Hair has always been a “the grass is always greener” type thing for me. I was born with fine, stick straight hair that doesn’t hold any style for more than a few hours. My best friend on the other hand, has wild, curly hair that’s full of volume but won’t ever lay the way she wants it to.
And we always wanted to trade.
Fortunately, in lieu of swapping ‘dos, we both learned how to best manage the hair we had.
Me? I figured out that my hair was only ever going to cooperate if I had the right tools in my arsenal. Up until I was sixteen I only ever let my hair air-dry and maybe sprayed it with a children’s detangler.
Even now, my hair routine isn’t anything too intense, but I have mastered giving myself an at-home blowout that leaves my hair volumized and shiny.
What you’ll need for your DIY Blowout:
- A moisturizing shampoo and conditioner (I’m loving Pantene Pro-V’s Daily Moisture Renewal Duo!)
- A heat protectant
- A wide tooth comb
- Hair ties or clips for sectioning
- A blowdryer
- A curling iron or flat iron for styling
As important as it is to master the technical part of giving yourself a blowout, it’s important to have a strong foundation and use products that won’t weigh your hair down.
Step one: Use lifting hair products in the shower
In the shower I use Pantene Moisture Renewal Foam Conditioner, after shampooing. The formula is a foam rather than a cream and that keeps the conditioner from weighing my hair down like other conditioners do.
In the past, I was self-sabotaging any volume potential I had by using thick, heavy conditioners. They have an entire line of foam conditioners covering every need you might have from color protection to breakage defense. I chose the Daily Moisture Renewal line because I’ve been using more heat on my hair and it’s a bit drier than usual.
Step two: Use a heat protectant
Technically this step is optional but I wouldn’t skip it. Using a blow dryer puts a lot of heat directly on your hair and that can begin to damage your hair over time.
Step three: Comb through your hair
It’s a lot easier to give yourself a blowout if you’re not having to stop to detangle knots every five minutes.
Step four: Section your hair
To get the best blowout, you’ll want to section your hair into two or three horizontal layers. I have thin hair, so I only need to section it into top and bottom sections. The more hair you have, the more layers you’ll need.
Step five: Begin blow-drying
When I give myself a blowout, I start working from the back to the front and keep all of the dried hair behind my shoulders and the still wet hair in front of my shoulders. Keeping them separate helps minimize frizz.
Actually blowing your hair out requires a bit of finesse. I take a one and a half inch section of hair and brush through it once with my round brush to separate it from the surrounding hair.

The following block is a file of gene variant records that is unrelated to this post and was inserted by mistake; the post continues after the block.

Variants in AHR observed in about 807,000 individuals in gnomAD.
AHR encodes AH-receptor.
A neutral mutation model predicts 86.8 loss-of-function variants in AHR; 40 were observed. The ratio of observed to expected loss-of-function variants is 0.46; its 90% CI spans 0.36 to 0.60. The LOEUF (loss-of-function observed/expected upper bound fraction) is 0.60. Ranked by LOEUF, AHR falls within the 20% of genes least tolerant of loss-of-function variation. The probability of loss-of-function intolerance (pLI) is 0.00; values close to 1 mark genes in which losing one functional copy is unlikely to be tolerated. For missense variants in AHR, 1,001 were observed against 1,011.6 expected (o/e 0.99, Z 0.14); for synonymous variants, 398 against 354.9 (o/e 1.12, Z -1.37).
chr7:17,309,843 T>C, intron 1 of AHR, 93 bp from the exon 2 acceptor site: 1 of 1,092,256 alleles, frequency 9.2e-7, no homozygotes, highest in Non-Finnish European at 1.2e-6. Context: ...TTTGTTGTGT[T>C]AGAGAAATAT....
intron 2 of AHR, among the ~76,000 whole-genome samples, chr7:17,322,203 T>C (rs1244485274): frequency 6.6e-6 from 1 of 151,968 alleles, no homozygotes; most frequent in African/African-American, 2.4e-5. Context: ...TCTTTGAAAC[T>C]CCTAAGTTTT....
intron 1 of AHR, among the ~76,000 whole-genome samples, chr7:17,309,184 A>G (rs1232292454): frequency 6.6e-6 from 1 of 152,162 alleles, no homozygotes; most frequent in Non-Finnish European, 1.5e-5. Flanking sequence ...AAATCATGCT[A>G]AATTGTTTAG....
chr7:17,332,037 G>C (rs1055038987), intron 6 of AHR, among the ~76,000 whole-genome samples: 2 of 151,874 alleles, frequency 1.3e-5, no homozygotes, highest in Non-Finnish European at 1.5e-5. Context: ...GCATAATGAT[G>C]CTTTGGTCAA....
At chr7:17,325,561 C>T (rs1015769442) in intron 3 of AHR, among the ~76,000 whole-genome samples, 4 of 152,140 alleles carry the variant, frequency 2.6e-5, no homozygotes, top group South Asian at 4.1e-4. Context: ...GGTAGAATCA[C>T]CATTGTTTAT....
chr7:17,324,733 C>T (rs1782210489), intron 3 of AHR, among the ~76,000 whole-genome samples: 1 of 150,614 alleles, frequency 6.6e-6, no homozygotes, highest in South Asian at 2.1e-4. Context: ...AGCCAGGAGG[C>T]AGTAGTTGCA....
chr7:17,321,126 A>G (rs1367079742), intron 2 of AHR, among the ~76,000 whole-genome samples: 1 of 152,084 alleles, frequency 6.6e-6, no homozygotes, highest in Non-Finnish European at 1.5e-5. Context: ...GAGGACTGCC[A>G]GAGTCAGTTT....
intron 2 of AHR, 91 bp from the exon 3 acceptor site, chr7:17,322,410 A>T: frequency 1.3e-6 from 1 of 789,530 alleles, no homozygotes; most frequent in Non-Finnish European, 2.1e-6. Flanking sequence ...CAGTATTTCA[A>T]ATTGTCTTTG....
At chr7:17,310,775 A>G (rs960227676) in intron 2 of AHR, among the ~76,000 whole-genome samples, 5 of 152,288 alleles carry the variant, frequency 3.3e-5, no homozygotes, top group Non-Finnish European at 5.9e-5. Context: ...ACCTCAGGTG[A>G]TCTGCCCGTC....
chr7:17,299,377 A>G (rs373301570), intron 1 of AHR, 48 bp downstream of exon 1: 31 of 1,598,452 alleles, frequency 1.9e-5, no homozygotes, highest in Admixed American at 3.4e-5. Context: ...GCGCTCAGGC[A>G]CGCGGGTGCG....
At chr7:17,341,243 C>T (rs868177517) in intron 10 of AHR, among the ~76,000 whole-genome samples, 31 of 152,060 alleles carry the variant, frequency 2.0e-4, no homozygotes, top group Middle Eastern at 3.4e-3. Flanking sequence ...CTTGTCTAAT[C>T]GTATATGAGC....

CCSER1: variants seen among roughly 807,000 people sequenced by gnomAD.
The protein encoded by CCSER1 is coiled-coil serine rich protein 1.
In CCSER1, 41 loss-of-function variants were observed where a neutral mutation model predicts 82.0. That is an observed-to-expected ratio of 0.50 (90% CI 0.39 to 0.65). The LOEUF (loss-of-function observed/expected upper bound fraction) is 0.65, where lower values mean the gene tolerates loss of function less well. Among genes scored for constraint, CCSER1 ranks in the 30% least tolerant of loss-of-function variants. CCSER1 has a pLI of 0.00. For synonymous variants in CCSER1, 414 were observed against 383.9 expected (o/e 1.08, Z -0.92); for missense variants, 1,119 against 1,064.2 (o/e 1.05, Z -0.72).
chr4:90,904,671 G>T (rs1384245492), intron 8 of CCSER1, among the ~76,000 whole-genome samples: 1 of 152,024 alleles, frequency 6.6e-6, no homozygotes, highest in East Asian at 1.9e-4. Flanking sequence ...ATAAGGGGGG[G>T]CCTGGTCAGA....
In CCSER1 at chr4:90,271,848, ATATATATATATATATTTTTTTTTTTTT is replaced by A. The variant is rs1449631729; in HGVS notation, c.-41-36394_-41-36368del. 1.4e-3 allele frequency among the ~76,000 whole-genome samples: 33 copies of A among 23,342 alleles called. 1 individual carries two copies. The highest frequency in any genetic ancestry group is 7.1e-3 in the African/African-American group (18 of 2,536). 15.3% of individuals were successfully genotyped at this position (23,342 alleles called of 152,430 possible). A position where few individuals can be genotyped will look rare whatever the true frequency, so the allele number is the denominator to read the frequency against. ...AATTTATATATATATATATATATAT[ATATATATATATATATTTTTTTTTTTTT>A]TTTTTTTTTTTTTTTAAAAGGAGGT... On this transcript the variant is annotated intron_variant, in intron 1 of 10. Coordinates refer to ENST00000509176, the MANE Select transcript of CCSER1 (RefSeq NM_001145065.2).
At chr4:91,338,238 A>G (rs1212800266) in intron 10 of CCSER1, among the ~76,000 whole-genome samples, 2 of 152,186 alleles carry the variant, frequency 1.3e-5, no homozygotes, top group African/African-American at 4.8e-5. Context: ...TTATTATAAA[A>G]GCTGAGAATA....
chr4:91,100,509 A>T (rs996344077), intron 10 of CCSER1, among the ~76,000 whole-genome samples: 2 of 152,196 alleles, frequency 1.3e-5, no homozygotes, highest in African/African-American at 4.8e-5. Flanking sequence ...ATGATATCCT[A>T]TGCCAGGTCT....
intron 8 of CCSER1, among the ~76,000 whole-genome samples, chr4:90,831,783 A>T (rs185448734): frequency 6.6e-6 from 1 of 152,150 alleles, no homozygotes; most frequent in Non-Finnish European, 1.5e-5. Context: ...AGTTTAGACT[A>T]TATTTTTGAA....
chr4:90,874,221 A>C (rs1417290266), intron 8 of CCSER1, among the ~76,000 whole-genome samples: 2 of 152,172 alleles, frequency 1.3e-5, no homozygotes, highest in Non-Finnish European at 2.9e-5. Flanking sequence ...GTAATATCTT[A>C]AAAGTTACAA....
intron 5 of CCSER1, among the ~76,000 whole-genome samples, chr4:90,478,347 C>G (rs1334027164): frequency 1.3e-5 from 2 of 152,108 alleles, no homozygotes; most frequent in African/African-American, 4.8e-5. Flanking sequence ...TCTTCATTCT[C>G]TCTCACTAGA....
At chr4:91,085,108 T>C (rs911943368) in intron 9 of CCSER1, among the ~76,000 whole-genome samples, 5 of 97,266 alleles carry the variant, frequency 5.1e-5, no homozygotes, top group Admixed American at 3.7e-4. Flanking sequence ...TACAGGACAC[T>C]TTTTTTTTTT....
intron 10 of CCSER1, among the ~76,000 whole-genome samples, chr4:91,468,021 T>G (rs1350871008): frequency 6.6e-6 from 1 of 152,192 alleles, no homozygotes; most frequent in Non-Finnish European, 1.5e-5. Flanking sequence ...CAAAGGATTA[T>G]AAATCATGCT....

Position your brush to hold your hair at the roots and point your blow dryer at the hair that’s being held. Pull the hair through through the brush, twisting away from your face and maintaining tension on your hair all while following along with the blow dryer.
Usually it takes two or three passes for my hair to completely dry. Repeat until your hair is dried.
On the last pass, instead of pulling your hair all the way through and off the brush, when you get to the end, twist your hair around the brush back to the roots. Give your hair a final blast and gently unwind your hair.
You should be left with a bouncy strand of hair that has a slight bend at the end or curl. Repeat this on all of the hair in the layer
Step six: section again
Gently let down the rest of your hair, being careful not to lay it on the already dried hair. Now, section off the very tip top of your hair. I use my eyes as a guideline and section from pupil to pupil. We’ll be blow drying this hair a little differently.
Step seven: blowdry the middle layer
Any hair that didn’t make it into your crown section should be blow dried using the same technique I mentioned earlier.
Step eight: work on the crown
Once the rest of your hair is dry, you can begin to work on the crown. Again, I work from back to front.
I’ll take the back most section from my crown, and instead of holding the brush vertically or at an angle as I did earlier, I hold my brush horizontally and lift the hair directly away from the roots. This is essential if you’re looking to really maximize volume.
From there, I just work my way forward until all of my hair is dry.
Step nine: style your hair
When I say I’ve mastered the blowout, I guess what I should have said is that I’ve mastered the volumizing portion of the blowout. Usually I accomplish curls on 75% of my ends, where the other 25% lay flat.
If you’re like me, a heat style will come in handy. Depending on my mood, I’ll either curl or flat iron my hair.
I’m not a big fan of too straight hair, so I usually just tame any especially wild pieces.
This post is written in partnership with Pantene. As always, all opinions are my own.